now i think im ready so i might go back.
I think the reality is, if you go to one of those $100,000 schools, and you're not a trust fund baby and scholarships are hard to come by.......you'll be paying over a $ 1,000 a month for over the next ten years....regardless if you're successful or not.
So, at the very least, make certain you know what you want and that you're prepared before hand before you go.........assuming you're 'not' a trust fund baby with overly privileged upbringing and you think you're God's gift to the world and stuff like that.
Wanna know how much Art College Directors get Paid?
Type in Art Center College of Design or California Institute of the Arts, even Laguna College.
Maybe that's not the best way to determine if a school has its best interest in you, but maybe
it's an indicator?
Maybe they want to buy a 50,000,0000 dollar building with that money?
Last edited by NoSeRider; June 11th, 2008 at 09:31 PM.
Great thread. I haven't read every single post, but some of it has some excellent advice. I found this site because of the Ringling 2008 hopefuls thread, but now I'm finding there's other good info and food for thought in these forums too. (So thanks, everyone!)
I had something more wordy to say, but I'll try to boil it down to one concept in response to some of these other posts:
Yes, education depends a lot on what you make of it. But if you don't have those opportunities you need in the first place, then it doesn't matter how hard you work your ass off. Everyone likes to believe that the "America Dream" is true. That if you work hard you can get anywhere and be successful no matter what. Unfortunately, most of it depends on luck and what opportunities you're given to start off. If you live in a crap area that doesn't care much about art and your community college doesn't have a decent art program (like mine), then no amount of effort you put in will get you very far.
I guess my point is that you have to get somewhere that will allow you have opportunities. Some of us don't need higher education because there are already doors that are just waiting to be opened with that extra effort. Just don't assume that there's already doors waiting for everyone. For some of us, art school (or other types of education) is what we need to open up more paths that wouldn't otherwise be available.
What you make of something and how hard you work is indeed very important, yet it won't automatically grant you success. (A college degree isn't some magic answer either, so this goes both ways.) What I think is most important is determining first what will get you to a point where you'll find opportunities, then making the best of what you have open to you.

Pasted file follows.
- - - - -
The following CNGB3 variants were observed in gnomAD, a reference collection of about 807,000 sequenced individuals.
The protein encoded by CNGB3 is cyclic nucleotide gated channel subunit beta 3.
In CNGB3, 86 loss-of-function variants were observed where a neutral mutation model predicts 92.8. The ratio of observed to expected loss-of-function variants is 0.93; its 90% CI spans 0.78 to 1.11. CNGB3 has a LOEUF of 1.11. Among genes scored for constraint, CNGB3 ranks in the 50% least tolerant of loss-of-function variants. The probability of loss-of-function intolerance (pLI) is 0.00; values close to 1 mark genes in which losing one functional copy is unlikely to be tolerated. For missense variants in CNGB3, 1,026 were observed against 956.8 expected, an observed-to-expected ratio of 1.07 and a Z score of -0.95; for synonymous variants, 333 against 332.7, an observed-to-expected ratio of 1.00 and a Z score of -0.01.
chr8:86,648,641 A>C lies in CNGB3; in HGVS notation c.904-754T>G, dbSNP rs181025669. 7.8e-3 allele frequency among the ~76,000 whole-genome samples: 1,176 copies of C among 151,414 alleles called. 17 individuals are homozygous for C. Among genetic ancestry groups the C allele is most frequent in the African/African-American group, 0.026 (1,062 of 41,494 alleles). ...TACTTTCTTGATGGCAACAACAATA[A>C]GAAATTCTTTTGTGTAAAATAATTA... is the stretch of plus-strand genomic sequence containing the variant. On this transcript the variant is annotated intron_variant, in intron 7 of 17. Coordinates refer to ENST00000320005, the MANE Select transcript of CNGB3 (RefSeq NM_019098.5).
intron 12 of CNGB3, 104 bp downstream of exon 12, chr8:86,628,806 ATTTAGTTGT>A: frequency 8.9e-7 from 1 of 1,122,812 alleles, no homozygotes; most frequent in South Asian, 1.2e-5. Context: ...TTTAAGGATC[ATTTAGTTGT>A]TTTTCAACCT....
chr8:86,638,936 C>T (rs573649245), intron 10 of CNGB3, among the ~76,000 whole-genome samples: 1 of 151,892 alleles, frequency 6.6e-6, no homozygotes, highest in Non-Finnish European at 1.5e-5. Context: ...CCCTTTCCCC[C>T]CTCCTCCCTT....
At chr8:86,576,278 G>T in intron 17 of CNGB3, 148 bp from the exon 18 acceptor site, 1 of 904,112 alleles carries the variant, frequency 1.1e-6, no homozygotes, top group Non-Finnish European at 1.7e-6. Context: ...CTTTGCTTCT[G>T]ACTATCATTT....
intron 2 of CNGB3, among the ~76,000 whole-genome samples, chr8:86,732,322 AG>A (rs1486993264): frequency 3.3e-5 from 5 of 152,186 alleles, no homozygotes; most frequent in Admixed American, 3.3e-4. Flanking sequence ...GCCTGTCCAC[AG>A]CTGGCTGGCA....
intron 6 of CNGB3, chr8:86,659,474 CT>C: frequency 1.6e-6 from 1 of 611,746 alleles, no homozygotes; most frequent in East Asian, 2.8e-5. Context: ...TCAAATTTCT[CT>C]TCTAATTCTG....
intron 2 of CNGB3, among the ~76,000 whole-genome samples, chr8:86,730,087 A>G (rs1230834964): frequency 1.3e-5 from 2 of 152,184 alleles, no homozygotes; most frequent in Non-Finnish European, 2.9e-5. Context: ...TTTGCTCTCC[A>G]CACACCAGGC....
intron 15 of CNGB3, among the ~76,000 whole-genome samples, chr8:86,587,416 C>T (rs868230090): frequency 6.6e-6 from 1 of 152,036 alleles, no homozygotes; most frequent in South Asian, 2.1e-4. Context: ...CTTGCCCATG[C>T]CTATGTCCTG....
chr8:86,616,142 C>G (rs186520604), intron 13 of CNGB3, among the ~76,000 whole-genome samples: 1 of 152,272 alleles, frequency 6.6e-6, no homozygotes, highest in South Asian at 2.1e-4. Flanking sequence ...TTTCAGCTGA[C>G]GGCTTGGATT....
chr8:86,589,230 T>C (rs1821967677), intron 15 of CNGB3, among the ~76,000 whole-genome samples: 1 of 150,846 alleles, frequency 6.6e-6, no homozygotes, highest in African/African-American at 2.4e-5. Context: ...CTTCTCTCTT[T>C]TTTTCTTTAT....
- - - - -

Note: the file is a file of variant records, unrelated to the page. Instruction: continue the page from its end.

Working hard without opportunities is just as bad as slacking off when you have opportunities. Hopefully that makes some sense... I guess I got a little wordy after all.
Last edited by CheesecakeBree; December 25th, 2007 at 08:54 PM.
In reference to the original post in this thread... I think it is important to point out that Jason is not successful *because* he doesn't have a degree.
He is successful in spite of the fact that he doesn't have one. There is a big difference.
The truth of the matter is that most of the individuals in a position of creative leadership in the industry *do* have a degree.
A complete college education prepares you for a career... not just a job.
Degrees do mean "jack squat" to an artist and to the people who hire artists.
I would also like to respectfully disagree with the statement that "95% of what can be found at the big art schools can be found at the state and community college level."
Depending on the school and the major within the school, this simply isn't true. I also find it somewhat irresponsible
to then go on and basically make a shameless sales plug by trying to sell Conceptart.org workshops to make up the missing 5%.
There are a lot of high school students that read these forums and I think that we should be careful here.
It's fine that Jason's personal opinion is that you should go to community college and take Conceptart.org workshops.
But placing it as a sticky post called "The Reality of Going to Art School and a basic FAQ for those considering it"
lends a credibility to that first post that goes beyond individual perspective, and students who weigh that too heavily
could possibly make decisions that might negatively affect their future professional lives.
Last edited by jmccampb; November 26th, 2007 at 05:00 PM.
Spectacular thread people! Thank you all for contributing.
Found a top 10 list on art schools.
In a totally fair world, only the best get hired and move to the top of the food chain, but alas- this isn't always a fair world.